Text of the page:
As an industrial organizational psychologist, that’s what I love about it. What kind of club is like that? There’s real relationship building to be had in the industry. We’ve created this open communication where members can share advice and talk about their problems all for the sake of, and the love for, fantasy sports. Teams that play together, stay together.
How do you see fantasy sports evolving in the next five years?
I am sure the fantasy sports consumer will continue to grow; more people are playing every year (about 57.4 million fantasy players – almost a 50% increase from 2010). I also think the relationship with the stadiums will evolve. As stadiums get renovated, they’re taking advantage of the opportunity to engage the fan experience with the stadium. I see a lot of potential for fantasy sports to eventually be incorporated into that fan experience.
What's different about your role today than it was eight years ago?
It’s been such an honor to be a part of this industry and lead this association space. I remember the first phone call I had with every current member, when they were just intrigued about us and what we do. When we hold our annual summer and winter conferences, it feels like a family reunion. The difference is seeing hundreds of people who I’ve spoken to and shared stories with and watching them grow. It’s rewarding to see all of them get together and interact with one another.
When you spend eight years at this, just like a draft or a league, you go through this journey together with your members and it’s thrilling, just thrilling.
Tell me more about these annual conferences.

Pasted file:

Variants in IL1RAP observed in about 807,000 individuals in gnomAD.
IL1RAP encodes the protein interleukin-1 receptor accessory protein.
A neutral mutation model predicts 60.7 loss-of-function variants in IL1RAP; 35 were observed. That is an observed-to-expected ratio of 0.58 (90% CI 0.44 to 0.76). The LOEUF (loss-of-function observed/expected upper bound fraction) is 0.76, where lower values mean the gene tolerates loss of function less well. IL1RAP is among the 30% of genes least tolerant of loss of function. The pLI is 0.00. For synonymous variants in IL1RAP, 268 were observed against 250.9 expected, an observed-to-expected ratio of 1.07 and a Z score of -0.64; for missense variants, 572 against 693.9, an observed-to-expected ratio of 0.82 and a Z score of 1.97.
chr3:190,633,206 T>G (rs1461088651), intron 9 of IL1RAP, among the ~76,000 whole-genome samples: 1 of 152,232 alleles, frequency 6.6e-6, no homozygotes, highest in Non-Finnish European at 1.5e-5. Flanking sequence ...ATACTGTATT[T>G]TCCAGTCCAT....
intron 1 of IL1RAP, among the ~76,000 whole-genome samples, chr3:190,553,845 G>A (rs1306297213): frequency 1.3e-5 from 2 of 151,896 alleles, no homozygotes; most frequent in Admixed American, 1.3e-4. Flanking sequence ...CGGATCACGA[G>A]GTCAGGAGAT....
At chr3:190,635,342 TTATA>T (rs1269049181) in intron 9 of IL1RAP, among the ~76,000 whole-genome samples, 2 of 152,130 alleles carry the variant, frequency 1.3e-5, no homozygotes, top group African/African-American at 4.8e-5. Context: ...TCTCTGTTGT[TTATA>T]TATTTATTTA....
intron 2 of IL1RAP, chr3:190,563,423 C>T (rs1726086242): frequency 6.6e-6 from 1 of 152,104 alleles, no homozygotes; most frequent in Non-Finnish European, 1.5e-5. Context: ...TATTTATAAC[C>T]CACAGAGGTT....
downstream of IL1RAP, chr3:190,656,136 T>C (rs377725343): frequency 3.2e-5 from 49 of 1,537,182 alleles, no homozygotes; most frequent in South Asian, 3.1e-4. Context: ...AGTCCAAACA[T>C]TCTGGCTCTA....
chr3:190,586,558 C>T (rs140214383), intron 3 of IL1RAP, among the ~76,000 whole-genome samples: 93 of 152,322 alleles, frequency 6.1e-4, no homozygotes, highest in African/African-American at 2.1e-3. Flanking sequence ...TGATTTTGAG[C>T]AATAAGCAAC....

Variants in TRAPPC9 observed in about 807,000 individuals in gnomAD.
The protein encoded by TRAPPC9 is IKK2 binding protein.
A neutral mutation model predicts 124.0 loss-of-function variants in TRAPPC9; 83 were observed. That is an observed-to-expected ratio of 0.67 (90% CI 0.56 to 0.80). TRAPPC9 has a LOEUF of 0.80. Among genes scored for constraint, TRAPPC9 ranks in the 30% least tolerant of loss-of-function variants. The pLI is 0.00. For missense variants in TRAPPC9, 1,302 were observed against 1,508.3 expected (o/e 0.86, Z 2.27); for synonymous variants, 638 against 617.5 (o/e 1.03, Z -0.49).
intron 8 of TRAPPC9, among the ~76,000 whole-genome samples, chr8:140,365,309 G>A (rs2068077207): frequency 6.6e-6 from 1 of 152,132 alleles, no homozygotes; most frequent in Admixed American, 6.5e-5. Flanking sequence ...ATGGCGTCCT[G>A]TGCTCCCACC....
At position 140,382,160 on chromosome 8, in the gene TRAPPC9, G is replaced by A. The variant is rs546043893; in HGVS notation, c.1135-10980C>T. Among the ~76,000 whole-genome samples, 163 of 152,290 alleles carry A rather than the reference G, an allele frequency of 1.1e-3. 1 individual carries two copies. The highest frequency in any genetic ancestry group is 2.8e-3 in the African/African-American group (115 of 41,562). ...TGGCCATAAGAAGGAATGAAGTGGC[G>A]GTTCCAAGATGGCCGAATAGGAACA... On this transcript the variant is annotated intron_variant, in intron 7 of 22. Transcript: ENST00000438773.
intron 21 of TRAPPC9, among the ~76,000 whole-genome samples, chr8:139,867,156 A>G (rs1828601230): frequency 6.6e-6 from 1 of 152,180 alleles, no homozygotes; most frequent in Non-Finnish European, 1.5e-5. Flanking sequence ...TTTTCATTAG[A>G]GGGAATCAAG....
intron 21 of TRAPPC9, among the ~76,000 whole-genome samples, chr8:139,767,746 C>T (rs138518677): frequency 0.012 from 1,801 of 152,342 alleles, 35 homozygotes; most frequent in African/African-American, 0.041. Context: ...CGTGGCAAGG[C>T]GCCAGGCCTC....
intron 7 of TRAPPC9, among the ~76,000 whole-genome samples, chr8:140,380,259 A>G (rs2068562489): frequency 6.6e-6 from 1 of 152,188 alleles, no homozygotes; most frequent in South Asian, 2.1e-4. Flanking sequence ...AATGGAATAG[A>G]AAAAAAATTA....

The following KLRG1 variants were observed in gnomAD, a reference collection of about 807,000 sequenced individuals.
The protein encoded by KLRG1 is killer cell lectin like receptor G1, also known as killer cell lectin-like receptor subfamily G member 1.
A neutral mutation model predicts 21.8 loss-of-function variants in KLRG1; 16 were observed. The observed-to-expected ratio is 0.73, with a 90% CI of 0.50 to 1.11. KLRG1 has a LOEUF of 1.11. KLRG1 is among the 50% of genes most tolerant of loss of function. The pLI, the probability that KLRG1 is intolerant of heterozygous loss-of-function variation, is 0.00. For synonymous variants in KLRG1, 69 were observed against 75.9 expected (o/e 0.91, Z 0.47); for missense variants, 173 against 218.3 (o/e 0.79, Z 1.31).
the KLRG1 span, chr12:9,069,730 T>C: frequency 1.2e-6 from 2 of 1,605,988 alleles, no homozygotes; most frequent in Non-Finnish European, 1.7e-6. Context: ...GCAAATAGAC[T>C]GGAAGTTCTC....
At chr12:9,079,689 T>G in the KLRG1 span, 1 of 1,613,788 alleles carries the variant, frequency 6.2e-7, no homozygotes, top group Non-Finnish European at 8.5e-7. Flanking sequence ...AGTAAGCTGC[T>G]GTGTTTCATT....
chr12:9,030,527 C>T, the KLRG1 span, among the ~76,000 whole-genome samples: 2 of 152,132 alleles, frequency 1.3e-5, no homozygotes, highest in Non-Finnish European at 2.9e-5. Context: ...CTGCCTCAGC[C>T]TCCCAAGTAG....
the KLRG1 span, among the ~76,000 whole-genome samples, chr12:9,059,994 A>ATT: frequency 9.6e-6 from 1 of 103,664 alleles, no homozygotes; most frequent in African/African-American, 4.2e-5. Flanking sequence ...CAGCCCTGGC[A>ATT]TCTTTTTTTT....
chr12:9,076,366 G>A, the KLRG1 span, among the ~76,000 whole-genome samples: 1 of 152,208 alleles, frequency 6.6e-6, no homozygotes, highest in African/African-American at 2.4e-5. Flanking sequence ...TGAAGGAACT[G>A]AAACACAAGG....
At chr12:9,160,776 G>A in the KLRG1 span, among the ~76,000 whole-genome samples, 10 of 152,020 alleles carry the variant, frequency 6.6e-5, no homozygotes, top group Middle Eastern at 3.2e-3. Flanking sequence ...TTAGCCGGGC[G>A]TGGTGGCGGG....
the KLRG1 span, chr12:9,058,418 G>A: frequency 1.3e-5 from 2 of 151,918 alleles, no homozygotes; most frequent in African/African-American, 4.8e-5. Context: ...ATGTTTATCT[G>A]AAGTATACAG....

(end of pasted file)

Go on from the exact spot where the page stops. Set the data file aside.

There is so much relationship building when it comes to the fantasy sports industry, and it really comes together at these conferences. There’s rumors that people aren’t going to trade shows or associations anymore. You hear about how “millennials don’t want face-to-face interaction,” but fantasy sports isn’t like that, and it shows at the conferences. Attendance at the 2015 FSTA Winter Conference was up almost 25% from the 2014 FSTA Summer Conference. These conferences give people that opportunity to meet other fantasy players in person.
What’s your favorite part of the conference?
The FSTA Experts League Live Draft on SiriusXM Radio. We do a baseball draft in the winter and a football draft in the summer. We’ve been hosting the draft for the eight years I’ve been a part of FSTA and it’s an incredible event. We have experts come into play. It’s one of Sirius XM’s most repeated listenership - meaning people download it and listen to it over and over.
But the highlight for me is physically getting people in the room to participate in a draft. That was the only way to facilitate a draft a few years ago, and I think that’s the best part about participating in drafts - the physical banter and comments. It’s competitive and exciting and raw, especially when the best in the business are going head-to-head.
What advice do you have to young women hoping to make it in the sport’s industry?
Stay in school and work hard. That’s what I did – I worked really hard. I put myself through college; I studied while people were going out. With hard work comes great reward. I think they go hand in hand.
Find your purpose in life, get your education, get a great internship, and take advantage of every opportunity that comes your way.
What advice do you have on working in a primarily male-dominated industry, specifically?
Don’t look into it. When I’m in a boardroom, I just see people. I don’t look at color, religion, gender – that’s the truth. I don’t see 15 men and 1 lady; I see a board. Just keep working and maintain a good reputation. It’s all the same.
People are people. A board doesn’t intimidate me. Every member on it is just a person like you or me. Don’t get in your own way. It’s all inside your head. The industry is open, waiting for all men and women. Go, be one of them.
To learn more about FSTA, visit FSTA.org or follow them on Twitter.
You can learn more about how Van Petten helps associations grow by visiting VanPettenGroup.com